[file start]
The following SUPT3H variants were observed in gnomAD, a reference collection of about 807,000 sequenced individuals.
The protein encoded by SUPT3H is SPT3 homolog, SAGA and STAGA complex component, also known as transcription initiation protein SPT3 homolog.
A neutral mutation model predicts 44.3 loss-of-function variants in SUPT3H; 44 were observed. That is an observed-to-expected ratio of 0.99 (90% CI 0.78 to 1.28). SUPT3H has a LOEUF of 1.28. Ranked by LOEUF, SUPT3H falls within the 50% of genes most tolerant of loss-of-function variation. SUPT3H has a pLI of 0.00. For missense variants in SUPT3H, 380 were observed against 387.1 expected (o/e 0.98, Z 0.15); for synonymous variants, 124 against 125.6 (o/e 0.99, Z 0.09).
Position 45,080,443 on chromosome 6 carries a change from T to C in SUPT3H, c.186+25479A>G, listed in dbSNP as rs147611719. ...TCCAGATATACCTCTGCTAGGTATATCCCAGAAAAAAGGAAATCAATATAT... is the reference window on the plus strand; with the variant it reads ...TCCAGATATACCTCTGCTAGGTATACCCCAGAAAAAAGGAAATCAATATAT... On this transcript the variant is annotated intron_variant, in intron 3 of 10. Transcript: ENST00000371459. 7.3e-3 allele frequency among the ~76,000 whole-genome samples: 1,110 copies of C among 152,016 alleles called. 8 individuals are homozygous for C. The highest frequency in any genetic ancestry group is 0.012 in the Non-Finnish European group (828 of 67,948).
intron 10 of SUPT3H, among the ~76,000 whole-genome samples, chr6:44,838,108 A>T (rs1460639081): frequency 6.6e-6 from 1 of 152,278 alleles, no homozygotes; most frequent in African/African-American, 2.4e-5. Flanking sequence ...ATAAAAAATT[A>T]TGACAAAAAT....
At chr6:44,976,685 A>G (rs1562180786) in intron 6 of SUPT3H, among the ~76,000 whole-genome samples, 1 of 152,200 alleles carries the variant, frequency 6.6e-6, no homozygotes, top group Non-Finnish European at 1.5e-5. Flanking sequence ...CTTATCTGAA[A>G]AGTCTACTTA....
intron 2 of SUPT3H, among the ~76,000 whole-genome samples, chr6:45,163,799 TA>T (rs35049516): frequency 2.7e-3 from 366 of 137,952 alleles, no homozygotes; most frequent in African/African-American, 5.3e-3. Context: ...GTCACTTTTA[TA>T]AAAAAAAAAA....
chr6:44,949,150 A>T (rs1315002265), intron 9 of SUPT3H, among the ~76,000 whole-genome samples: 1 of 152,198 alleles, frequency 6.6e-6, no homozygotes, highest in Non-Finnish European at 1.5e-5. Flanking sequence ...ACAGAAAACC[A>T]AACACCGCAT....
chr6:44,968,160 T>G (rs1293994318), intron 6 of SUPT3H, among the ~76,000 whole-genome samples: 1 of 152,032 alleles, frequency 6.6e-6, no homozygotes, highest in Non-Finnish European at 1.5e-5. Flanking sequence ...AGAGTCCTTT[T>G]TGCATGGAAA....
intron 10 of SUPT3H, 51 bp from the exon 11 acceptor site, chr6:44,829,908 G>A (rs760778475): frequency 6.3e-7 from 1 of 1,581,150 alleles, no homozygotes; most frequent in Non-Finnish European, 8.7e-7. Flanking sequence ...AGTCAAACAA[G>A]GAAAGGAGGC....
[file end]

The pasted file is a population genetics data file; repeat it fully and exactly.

The following SUPT3H variants were observed in gnomAD, a reference collection of about 807,000 sequenced individuals.
The protein encoded by SUPT3H is SPT3 homolog, SAGA and STAGA complex component, also known as transcription initiation protein SPT3 homolog.
A neutral mutation model predicts 44.3 loss-of-function variants in SUPT3H; 44 were observed. That is an observed-to-expected ratio of 0.99 (90% CI 0.78 to 1.28). SUPT3H has a LOEUF of 1.28. Ranked by LOEUF, SUPT3H falls within the 50% of genes most tolerant of loss-of-function variation. SUPT3H has a pLI of 0.00. For missense variants in SUPT3H, 380 were observed against 387.1 expected (o/e 0.98, Z 0.15); for synonymous variants, 124 against 125.6 (o/e 0.99, Z 0.09).
Position 45,080,443 on chromosome 6 carries a change from T to C in SUPT3H, c.186+25479A>G, listed in dbSNP as rs147611719. ...TCCAGATATACCTCTGCTAGGTATATCCCAGAAAAAAGGAAATCAATATAT... is the reference window on the plus strand; with the variant it reads ...TCCAGATATACCTCTGCTAGGTATACCCCAGAAAAAAGGAAATCAATATAT... On this transcript the variant is annotated intron_variant, in intron 3 of 10. Transcript: ENST00000371459. 7.3e-3 allele frequency among the ~76,000 whole-genome samples: 1,110 copies of C among 152,016 alleles called. 8 individuals are homozygous for C. The highest frequency in any genetic ancestry group is 0.012 in the Non-Finnish European group (828 of 67,948).
intron 10 of SUPT3H, among the ~76,000 whole-genome samples, chr6:44,838,108 A>T (rs1460639081): frequency 6.6e-6 from 1 of 152,278 alleles, no homozygotes; most frequent in African/African-American, 2.4e-5. Flanking sequence ...ATAAAAAATT[A>T]TGACAAAAAT....
At chr6:44,976,685 A>G (rs1562180786) in intron 6 of SUPT3H, among the ~76,000 whole-genome samples, 1 of 152,200 alleles carries the variant, frequency 6.6e-6, no homozygotes, top group Non-Finnish European at 1.5e-5. Flanking sequence ...CTTATCTGAA[A>G]AGTCTACTTA....
intron 2 of SUPT3H, among the ~76,000 whole-genome samples, chr6:45,163,799 TA>T (rs35049516): frequency 2.7e-3 from 366 of 137,952 alleles, no homozygotes; most frequent in African/African-American, 5.3e-3. Context: ...GTCACTTTTA[TA>T]AAAAAAAAAA....
chr6:44,949,150 A>T (rs1315002265), intron 9 of SUPT3H, among the ~76,000 whole-genome samples: 1 of 152,198 alleles, frequency 6.6e-6, no homozygotes, highest in Non-Finnish European at 1.5e-5. Flanking sequence ...ACAGAAAACC[A>T]AACACCGCAT....
chr6:44,968,160 T>G (rs1293994318), intron 6 of SUPT3H, among the ~76,000 whole-genome samples: 1 of 152,032 alleles, frequency 6.6e-6, no homozygotes, highest in Non-Finnish European at 1.5e-5. Flanking sequence ...AGAGTCCTTT[T>G]TGCATGGAAA....
intron 10 of SUPT3H, 51 bp from the exon 11 acceptor site, chr6:44,829,908 G>A (rs760778475): frequency 6.3e-7 from 1 of 1,581,150 alleles, no homozygotes; most frequent in Non-Finnish European, 8.7e-7. Flanking sequence ...AGTCAAACAA[G>A]GAAAGGAGGC....